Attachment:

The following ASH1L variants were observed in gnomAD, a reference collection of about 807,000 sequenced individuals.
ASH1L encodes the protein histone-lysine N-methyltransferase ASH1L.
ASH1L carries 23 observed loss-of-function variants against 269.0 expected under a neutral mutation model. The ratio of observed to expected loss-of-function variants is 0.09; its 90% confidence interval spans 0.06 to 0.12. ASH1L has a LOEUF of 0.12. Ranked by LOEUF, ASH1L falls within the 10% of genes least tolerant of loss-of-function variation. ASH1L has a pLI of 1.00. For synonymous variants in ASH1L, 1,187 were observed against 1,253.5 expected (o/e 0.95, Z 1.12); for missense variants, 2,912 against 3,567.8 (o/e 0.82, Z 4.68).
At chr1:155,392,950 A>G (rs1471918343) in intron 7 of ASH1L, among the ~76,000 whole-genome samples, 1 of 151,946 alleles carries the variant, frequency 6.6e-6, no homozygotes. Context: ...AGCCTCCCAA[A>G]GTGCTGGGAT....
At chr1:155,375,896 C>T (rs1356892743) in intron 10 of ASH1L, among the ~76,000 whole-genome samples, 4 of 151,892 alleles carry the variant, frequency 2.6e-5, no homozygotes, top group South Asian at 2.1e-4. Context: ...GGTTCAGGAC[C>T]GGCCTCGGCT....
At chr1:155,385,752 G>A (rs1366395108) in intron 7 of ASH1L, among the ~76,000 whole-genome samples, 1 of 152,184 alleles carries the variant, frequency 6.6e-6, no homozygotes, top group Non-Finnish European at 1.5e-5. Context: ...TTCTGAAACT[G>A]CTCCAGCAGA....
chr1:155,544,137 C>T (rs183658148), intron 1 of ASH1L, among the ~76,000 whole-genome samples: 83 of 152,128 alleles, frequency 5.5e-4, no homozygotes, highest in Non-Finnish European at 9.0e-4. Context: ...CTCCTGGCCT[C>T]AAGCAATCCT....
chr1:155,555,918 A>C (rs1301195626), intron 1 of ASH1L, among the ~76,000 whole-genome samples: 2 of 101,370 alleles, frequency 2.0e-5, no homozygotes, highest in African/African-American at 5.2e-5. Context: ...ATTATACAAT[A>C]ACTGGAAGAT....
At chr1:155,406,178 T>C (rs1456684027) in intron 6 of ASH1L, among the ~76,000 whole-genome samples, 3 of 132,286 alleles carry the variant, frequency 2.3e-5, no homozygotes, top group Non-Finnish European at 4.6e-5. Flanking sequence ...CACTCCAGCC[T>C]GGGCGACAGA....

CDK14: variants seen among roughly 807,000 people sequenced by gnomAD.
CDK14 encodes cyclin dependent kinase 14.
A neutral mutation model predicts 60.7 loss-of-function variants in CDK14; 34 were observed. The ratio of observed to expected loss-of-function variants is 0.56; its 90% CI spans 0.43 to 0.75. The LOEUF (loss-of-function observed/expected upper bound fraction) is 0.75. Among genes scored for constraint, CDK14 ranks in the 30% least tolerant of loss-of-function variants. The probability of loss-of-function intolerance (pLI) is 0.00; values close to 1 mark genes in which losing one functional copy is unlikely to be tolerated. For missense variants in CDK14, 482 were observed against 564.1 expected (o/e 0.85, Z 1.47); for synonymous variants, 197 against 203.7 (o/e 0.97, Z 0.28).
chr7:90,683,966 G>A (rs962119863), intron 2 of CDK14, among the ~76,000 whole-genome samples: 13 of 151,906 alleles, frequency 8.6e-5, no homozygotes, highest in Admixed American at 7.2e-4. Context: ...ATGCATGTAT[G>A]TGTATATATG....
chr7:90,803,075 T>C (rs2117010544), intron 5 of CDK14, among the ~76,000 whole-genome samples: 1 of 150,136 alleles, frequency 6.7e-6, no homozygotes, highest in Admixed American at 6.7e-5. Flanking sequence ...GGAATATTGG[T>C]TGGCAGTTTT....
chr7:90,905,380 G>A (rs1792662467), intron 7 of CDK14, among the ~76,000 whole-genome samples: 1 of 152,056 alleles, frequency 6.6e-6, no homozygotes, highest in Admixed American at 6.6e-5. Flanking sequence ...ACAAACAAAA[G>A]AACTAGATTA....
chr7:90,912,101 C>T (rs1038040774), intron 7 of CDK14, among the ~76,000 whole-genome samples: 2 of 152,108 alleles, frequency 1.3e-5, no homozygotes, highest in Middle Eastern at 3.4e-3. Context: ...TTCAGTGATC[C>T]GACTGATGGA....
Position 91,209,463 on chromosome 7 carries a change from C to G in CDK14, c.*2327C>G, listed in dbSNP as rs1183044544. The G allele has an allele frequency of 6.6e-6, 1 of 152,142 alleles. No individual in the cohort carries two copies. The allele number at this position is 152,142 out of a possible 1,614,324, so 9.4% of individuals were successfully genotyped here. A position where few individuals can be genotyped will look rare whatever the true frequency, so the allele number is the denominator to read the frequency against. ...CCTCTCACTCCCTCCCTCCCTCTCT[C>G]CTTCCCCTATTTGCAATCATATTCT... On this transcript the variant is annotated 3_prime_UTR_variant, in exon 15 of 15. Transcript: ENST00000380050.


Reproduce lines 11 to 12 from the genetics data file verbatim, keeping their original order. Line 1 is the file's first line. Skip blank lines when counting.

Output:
CDK14 encodes cyclin dependent kinase 14.
A neutral mutation model predicts 60.7 loss-of-function variants in CDK14; 34 were observed. The ratio of observed to expected loss-of-function variants is 0.56; its 90% CI spans 0.43 to 0.75. The LOEUF (loss-of-function observed/expected upper bound fraction) is 0.75. Among genes scored for constraint, CDK14 ranks in the 30% least tolerant of loss-of-function variants. The probability of loss-of-function intolerance (pLI) is 0.00; values close to 1 mark genes in which losing one functional copy is unlikely to be tolerated. For missense variants in CDK14, 482 were observed against 564.1 expected (o/e 0.85, Z 1.47); for synonymous variants, 197 against 203.7 (o/e 0.97, Z 0.28).